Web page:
Travel Story Supertrees & the world's biggest glasshouse: Inside Singapore's Gardens by the Bay

Supertrees. Gardens by the Bay, Marina Bay, with Marina Bay Sands hotel behind. Singapore.
Picture: Stephen Scourfield The West Australian
Photo of Stephen Scourfield

Transformed from sea to sandy and soggy reclaimed land to some of the best-known gardens in the world, Gardens by the Bay are a phenomenon.

Although Gardens by the Bay covers just over 100ha, it is its domes which hog the limelight.

The Flower Dome has big baobab trees, amid more than 1000 plants from desert regions from Madagascar to Mexico, South America to Africa. 

The biggest glasshouse in the world, the Flower Dome also has Australian grass trees and ancient olive trees from the Mediterranean — one estimated to be more than 1000 years old and so successfully transplanted  it has blossomed and borne fruit.

Most visitors will then continue into the Cloud Forest dome.

Ferns, orchids and pitcher plants cover the mountain, from which pours a 35m waterfall — the world’s biggest indoors.

Visitors can then complete the Cloud Walk and Treetop Walk, all within the dome.

But a good trick is to time a visit for the mistings at 10am, noon, 2pm, 4pm, 6pm and 8pm. 

This is when mist is released, giving a true feel of the natural environment they represent.

The domes are chilled to between 23C and 25C. Roman Emperor Tiberius built the world’s first greenhouse in 30AD. 

We might just consider what he’d make of all this. 

Entry to the two domes is $S28 (also $28) for an adult and $S15 for the over-60s. To walk the OCBC Skyway 22m above the ground, giving a good view of the Supertrees, gardens and Marina Bay beyond, is S$8.

The domes and skyway are open from 9am-9pm.

But visitors are free to wander, for free, in the outside gardens. And it’s good to step away from the manufactured bliss of the domes and into, well, a more real world.

There are the Heritage Gardens, World of Plants and the two lakes, Dragonfly and Kingfisher.

And there’s the Supertree Grove, with man-made trees towering 16 storeys.

The Supertrees fulfil important roles.

One is the air exhaust for the two conservatories (mimicking the actions of natural trees) and 11 have solar photovoltaic cells in their “canopies” to capture solar energy.

They have healthy vertical gardens of an estimated 160,000 epiphytes — ferns, orchids, vines and bromeliads.

The outdoor gardens are open from 5am-2am and are nice for an evening walk.

In these quiet moments of strolling reflection, I think of Singaporean botanist Dr Kiat W Tan. 

For it was he who first had the thought of creating Gardens by the Bay, and it was he who  led a team of international and local specialists for five years, turning this from sea to sandy and soggy reclaimed land, and the phenomenon which opened in 2012. He retired from his position as chief executive of Gardens by the Bay in February, aged 75.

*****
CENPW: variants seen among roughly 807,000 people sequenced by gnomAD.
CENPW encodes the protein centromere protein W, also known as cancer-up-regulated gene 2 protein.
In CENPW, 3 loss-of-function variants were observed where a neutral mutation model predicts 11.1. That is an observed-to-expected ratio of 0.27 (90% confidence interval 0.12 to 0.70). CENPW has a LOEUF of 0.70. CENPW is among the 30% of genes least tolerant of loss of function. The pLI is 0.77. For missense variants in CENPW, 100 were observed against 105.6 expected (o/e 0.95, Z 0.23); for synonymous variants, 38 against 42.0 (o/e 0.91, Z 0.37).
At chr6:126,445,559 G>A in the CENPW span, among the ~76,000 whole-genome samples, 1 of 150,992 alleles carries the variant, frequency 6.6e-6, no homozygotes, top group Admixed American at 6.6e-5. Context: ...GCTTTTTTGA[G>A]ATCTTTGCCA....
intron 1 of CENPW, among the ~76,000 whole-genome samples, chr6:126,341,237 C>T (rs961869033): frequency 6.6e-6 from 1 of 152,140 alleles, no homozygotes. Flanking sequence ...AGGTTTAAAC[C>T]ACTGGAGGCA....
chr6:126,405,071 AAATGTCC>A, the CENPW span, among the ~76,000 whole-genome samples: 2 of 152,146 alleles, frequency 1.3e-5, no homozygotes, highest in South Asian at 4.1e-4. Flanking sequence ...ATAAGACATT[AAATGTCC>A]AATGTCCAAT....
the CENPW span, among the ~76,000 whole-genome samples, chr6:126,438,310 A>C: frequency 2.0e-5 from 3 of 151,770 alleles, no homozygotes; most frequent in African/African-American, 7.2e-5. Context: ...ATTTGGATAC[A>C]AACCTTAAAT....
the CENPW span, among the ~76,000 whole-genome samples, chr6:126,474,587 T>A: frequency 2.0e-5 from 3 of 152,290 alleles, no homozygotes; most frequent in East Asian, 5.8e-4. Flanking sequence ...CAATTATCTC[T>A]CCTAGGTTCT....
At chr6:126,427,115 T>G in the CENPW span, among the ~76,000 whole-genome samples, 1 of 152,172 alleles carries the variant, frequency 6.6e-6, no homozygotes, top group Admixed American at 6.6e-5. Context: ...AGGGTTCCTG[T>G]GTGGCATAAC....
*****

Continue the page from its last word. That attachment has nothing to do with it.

He said, very simply, that he had just created a place where people could see flowers — a million of them, here, in some of the world’s best known gardens, already seen by more than 40 million people.

Duration: 4m 56s

City in a garden

Singapore is a tiny, highly populated island state but it isn’t all concrete.

Far from it.

Since the first public tree-planting in 1963, it has been committed to becoming a “city in a garden”.

Another key figure in this is Dr Chua Sian Eng, who became Commissioner of the Parks and Recreation Department in 1983. He led an aggressive campaign of planting and developing parks. The then prime minister Lee Kuan Yew wanted shade trees to give pedestrians cool places to walk, and parks for families and children, for weekend recreation. 

The National Parks Board, known as NParks, also embarked on  projects like the conservation of mangroves at Pasir Ris. About 3318ha of Singapore’s land is given to parks, park connectors and open spaces. Of these, nearly 80 per cent — more than 300 parks — come under NParks.

Keep in mind that the Singapore Botanic Gardens — different from Gardens by the Bay — are an integral part of Singapore’s heritage, covering 63ha near the city centre. It has outstanding plant collections. Its herbarium and library collections, of more than 600,000 dried and preserved specimens, provide an important reference resource on the region’s flora for botanists around the world.

At a conference I attended in 2013, to commemorate 50 years since that first tree planting, Dr Chua quoted something Mr Lee said in 1980: “Singapore can become a green, shady city filled with fruits and flowers. A city worthy of an industrious people whose quest, progress, is matched by their appreciation of beauty, of nature. The harshness of tarmac, concrete can be softened by the natural trees, flowers and birds.”

And there’s been a very specific wordplay in all this.

Somewhere along the line, the rhetoric was consciously shifted from aiming to be a “garden city” to being committed to become a “city in a garden”.

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